Dynamic response testing

The fluid-filled plumbing system can modify the pressure signal in what is known as a dynamic response distortion ( G.ardD.ei.1981; G.ardner.and H.,o.l.l.ings.wo.Ë.h 1986).

Most pressure-monitoring systems are underdamped (G.ardD.e.Ll981). Dynamic distortion is caused by modification of the frequency characteristics of the applied pressure waveform as it passes through the plumbing system. The dynamic response of the plumbing system can be tested using a fast-flush test. This is accomplished by first opening the valve of the continuous-flush device and then quickly closing it. For underdamped systems, the rapid closure produces a square wave from which the natural frequency and damping coefficient of the plumbing system can be determined. The natural frequency is determined by measuring the period of a full cycle of oscillation and taking the reciprocal. For example, if the display rate (either oscilloscope or chart recorder) is 25 mm/s and one full cycle of oscillation takes 2 mm, the natural frequency is

The determination of damping coefficient requires the measurement of the ratio of the amplitude of two succeeding cycles of the resulting oscillating signal following a fast-flush test. The amplitude ratio is then plotted on the non-linear amplitude ratio scale on the far right-hand side of Fig. 2. The damping coefficient z is then determined from the linear damping coefficient scale shown in Fig:,?.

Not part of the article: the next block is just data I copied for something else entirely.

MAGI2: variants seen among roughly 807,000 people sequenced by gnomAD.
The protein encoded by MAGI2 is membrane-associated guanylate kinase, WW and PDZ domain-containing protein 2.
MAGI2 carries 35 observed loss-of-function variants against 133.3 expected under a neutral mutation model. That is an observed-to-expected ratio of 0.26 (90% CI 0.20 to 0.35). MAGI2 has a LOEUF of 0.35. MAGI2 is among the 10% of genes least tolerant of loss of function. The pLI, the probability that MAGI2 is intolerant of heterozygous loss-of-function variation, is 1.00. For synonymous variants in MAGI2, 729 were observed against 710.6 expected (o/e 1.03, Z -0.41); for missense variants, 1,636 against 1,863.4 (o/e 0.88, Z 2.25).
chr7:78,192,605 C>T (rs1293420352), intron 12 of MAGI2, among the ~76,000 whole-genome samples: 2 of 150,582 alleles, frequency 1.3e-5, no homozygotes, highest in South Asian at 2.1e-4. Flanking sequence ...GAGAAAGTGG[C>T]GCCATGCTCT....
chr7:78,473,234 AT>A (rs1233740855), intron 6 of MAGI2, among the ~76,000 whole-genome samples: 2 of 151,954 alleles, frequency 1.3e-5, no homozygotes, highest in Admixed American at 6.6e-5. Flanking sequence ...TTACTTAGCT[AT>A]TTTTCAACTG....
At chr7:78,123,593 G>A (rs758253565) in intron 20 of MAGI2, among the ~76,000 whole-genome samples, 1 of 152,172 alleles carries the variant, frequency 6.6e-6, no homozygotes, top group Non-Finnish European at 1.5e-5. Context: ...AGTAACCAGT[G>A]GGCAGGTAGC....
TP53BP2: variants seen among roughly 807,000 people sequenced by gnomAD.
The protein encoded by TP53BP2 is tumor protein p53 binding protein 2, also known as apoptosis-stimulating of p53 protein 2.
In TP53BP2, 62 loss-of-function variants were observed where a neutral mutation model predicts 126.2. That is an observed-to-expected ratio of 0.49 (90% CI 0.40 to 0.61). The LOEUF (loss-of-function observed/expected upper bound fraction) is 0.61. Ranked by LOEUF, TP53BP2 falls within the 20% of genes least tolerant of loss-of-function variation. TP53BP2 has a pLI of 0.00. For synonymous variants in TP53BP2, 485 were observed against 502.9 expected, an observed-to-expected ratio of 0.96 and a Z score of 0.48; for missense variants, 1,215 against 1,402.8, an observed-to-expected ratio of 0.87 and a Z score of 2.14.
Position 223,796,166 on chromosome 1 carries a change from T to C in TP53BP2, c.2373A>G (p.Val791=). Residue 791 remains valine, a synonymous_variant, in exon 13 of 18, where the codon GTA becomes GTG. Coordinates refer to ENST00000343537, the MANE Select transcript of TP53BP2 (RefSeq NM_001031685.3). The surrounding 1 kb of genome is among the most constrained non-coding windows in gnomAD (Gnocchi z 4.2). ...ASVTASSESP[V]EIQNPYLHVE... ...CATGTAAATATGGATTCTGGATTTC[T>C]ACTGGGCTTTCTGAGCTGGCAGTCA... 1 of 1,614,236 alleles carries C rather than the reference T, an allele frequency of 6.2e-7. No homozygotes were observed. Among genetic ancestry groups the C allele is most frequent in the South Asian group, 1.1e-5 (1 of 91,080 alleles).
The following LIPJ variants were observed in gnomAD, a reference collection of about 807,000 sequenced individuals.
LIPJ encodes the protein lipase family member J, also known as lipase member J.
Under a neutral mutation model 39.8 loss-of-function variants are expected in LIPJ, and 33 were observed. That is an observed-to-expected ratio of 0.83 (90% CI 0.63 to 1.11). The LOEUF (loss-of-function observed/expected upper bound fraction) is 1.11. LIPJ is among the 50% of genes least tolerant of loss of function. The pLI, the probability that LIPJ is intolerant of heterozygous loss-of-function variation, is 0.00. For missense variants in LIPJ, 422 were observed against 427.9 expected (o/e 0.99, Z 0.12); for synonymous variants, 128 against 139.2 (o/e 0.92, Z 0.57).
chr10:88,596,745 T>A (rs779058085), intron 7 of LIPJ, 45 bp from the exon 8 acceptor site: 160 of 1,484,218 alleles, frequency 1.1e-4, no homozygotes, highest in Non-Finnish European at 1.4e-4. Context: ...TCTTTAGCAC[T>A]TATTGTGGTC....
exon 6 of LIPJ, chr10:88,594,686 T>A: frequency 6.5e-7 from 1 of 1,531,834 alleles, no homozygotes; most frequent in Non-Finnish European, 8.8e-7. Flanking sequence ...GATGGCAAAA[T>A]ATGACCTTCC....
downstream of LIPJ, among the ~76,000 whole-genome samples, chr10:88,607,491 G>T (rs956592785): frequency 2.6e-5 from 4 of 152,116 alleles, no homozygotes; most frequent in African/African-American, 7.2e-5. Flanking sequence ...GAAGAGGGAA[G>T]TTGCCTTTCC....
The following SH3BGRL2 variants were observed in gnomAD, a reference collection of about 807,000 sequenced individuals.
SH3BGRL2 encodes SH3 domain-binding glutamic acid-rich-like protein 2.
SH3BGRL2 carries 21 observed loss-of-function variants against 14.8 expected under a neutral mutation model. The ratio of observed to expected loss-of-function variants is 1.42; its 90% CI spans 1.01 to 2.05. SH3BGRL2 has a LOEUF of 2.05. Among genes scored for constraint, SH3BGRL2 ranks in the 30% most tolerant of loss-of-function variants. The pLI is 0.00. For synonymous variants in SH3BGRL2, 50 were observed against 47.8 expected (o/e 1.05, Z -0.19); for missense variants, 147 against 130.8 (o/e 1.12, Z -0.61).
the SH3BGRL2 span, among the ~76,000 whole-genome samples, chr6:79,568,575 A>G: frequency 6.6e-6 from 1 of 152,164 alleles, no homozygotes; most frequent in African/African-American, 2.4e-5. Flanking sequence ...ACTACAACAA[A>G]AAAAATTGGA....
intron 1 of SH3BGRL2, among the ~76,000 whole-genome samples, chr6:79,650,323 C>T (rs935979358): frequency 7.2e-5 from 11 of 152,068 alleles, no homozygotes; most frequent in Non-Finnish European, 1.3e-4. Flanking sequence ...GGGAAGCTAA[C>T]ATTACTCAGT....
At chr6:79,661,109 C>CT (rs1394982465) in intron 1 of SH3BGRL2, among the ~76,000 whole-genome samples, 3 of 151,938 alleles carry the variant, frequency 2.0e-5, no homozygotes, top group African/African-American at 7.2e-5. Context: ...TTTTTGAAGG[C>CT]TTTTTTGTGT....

Fig. 2 Dynamic response testing methodology for the pressure-monitoring system. See text for an explanation of how to determine the adequacy of the dynamic response. (Adapted from Gardner „(1,981].)

Several factors lead to an inadequate dynamic response, including air bubbles in the plumbing system and pressure tubing that is too long or too elastic ( Gardner...

1981). The best way to enhance the dynamic response of the plumbing system is to maximize the natural frequency. It is clear from Fig 2. that the higher the natural frequency, the greater the range of damping coefficient can be while still reliably reproducing the pressure waveform. Figure...2 also shows that inadequate dynamic response causes two general types of error. If a system is underdamped, the systolic pressure will tend to be overstated and the diastolic pressure understated. However, if the system is overdamped, the systolic pressure will be understated and diastolic pressure overstated. The pulmonary artery catheter is subjected to

'whip' as it moves in the right ventricle, and this artifact tends to cause major overshoot during the systolic phase of the pressure waveform.

Many clinicians use the shape of the pressure waveform to estimate qualitative information about the heart ( Table 1). Since dynamic waveform distortions caused by the plumbing system can mimic many of these conditions, having an adequate dynamic response is essential.

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Table 1 Relation between waveform and heart condition

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